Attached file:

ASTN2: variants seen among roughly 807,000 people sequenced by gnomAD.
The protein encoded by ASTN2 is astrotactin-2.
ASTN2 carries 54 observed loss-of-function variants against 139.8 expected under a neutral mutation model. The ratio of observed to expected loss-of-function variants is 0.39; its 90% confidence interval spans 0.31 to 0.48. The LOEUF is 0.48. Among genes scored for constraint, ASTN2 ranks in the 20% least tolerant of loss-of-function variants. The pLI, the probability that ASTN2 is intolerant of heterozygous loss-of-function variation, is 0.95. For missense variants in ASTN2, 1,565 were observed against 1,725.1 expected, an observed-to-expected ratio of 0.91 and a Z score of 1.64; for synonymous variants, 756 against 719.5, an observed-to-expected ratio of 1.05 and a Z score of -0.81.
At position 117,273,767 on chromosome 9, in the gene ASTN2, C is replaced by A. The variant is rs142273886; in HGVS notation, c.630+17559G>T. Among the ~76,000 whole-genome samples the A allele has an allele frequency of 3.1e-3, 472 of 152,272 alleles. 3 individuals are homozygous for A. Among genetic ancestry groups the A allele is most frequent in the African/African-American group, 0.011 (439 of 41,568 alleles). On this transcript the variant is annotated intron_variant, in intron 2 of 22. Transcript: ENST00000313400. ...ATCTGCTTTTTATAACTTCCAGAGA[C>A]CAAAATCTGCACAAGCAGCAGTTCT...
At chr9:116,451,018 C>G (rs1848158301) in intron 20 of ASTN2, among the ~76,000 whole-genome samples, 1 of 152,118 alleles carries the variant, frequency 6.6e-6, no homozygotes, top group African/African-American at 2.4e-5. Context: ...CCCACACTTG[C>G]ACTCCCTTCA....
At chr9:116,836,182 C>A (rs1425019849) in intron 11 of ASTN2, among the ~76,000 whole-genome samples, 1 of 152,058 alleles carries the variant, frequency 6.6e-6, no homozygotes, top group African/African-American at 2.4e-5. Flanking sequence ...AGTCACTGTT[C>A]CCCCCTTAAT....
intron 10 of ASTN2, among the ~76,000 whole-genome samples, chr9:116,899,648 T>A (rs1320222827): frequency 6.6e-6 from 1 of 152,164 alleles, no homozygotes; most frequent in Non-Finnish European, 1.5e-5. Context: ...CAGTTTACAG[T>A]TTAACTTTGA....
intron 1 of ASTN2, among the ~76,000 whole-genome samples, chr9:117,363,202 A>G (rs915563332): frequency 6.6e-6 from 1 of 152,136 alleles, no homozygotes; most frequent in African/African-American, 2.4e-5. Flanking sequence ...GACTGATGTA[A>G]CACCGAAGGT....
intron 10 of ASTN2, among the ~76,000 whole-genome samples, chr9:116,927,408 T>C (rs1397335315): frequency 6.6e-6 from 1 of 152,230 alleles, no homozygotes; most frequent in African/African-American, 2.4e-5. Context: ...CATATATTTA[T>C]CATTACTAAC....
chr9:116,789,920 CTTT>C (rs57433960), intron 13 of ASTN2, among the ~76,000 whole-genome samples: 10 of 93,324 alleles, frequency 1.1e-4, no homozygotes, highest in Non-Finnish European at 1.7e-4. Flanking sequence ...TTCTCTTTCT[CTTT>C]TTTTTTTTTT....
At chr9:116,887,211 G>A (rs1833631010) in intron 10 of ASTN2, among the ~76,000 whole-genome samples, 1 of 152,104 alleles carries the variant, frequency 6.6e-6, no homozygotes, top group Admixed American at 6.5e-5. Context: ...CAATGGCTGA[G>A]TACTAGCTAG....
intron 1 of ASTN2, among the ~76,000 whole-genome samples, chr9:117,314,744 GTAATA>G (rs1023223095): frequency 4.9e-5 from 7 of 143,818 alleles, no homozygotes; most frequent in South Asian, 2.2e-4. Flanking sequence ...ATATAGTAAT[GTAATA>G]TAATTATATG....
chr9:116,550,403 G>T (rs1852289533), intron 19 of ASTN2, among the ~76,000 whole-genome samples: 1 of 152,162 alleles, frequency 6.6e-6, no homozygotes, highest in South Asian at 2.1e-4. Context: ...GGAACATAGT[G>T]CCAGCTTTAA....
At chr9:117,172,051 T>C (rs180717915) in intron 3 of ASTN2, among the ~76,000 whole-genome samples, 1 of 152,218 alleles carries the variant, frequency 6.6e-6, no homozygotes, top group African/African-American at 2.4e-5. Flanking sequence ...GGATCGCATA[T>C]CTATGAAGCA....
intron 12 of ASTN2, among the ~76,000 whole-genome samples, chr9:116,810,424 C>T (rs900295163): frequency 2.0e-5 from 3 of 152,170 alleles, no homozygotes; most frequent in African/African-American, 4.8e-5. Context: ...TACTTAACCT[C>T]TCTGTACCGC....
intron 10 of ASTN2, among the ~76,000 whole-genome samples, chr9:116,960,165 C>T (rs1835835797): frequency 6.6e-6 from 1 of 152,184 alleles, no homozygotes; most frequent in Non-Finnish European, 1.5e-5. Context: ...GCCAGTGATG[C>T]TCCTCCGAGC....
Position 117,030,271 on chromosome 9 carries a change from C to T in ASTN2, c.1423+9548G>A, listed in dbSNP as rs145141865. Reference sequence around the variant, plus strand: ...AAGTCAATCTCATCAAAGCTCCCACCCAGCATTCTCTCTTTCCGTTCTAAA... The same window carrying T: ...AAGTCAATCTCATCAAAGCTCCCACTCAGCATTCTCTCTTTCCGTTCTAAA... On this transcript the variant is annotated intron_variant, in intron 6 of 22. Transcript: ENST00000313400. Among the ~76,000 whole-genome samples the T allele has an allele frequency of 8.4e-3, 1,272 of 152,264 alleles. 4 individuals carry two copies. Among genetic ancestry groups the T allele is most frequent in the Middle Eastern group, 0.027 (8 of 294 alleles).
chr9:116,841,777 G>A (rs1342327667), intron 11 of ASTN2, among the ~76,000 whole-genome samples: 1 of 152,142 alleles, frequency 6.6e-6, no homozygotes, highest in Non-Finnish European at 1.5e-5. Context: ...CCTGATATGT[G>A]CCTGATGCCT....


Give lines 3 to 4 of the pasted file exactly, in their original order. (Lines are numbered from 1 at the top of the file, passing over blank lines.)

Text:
ASTN2 carries 54 observed loss-of-function variants against 139.8 expected under a neutral mutation model. The ratio of observed to expected loss-of-function variants is 0.39; its 90% confidence interval spans 0.31 to 0.48. The LOEUF is 0.48. Among genes scored for constraint, ASTN2 ranks in the 20% least tolerant of loss-of-function variants. The pLI, the probability that ASTN2 is intolerant of heterozygous loss-of-function variation, is 0.95. For missense variants in ASTN2, 1,565 were observed against 1,725.1 expected, an observed-to-expected ratio of 0.91 and a Z score of 1.64; for synonymous variants, 756 against 719.5, an observed-to-expected ratio of 1.05 and a Z score of -0.81.
At position 117,273,767 on chromosome 9, in the gene ASTN2, C is replaced by A. The variant is rs142273886; in HGVS notation, c.630+17559G>T. Among the ~76,000 whole-genome samples the A allele has an allele frequency of 3.1e-3, 472 of 152,272 alleles. 3 individuals are homozygous for A. Among genetic ancestry groups the A allele is most frequent in the African/African-American group, 0.011 (439 of 41,568 alleles). On this transcript the variant is annotated intron_variant, in intron 2 of 22. Transcript: ENST00000313400. ...ATCTGCTTTTTATAACTTCCAGAGA[C>A]CAAAATCTGCACAAGCAGCAGTTCT...